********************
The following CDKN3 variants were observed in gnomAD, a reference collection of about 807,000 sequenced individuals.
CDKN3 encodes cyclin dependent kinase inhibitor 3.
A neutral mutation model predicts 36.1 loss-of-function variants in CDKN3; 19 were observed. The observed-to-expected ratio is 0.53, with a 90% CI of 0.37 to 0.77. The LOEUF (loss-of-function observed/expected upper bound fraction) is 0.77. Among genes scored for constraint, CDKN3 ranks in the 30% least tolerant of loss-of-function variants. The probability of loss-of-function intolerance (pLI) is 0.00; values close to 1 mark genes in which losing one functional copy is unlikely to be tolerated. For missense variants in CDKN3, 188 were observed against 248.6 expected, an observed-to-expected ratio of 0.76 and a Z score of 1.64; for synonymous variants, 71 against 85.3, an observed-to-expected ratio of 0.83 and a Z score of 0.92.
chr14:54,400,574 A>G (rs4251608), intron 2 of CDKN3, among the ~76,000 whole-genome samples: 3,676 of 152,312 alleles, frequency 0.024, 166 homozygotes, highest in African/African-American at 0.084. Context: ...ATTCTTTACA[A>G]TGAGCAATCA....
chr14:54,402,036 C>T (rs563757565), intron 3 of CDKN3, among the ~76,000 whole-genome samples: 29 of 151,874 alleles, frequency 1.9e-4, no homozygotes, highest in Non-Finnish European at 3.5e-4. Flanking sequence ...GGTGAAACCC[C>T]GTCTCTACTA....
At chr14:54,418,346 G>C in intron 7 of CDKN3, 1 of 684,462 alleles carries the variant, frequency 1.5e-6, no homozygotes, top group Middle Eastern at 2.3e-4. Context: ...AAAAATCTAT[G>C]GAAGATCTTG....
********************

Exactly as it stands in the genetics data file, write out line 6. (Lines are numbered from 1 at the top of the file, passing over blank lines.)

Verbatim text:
At chr14:54,418,346 G>C in intron 7 of CDKN3, 1 of 684,462 alleles carries the variant, frequency 1.5e-6, no homozygotes, top group Middle Eastern at 2.3e-4. Context: ...AAAAATCTAT[G>C]GAAGATCTTG....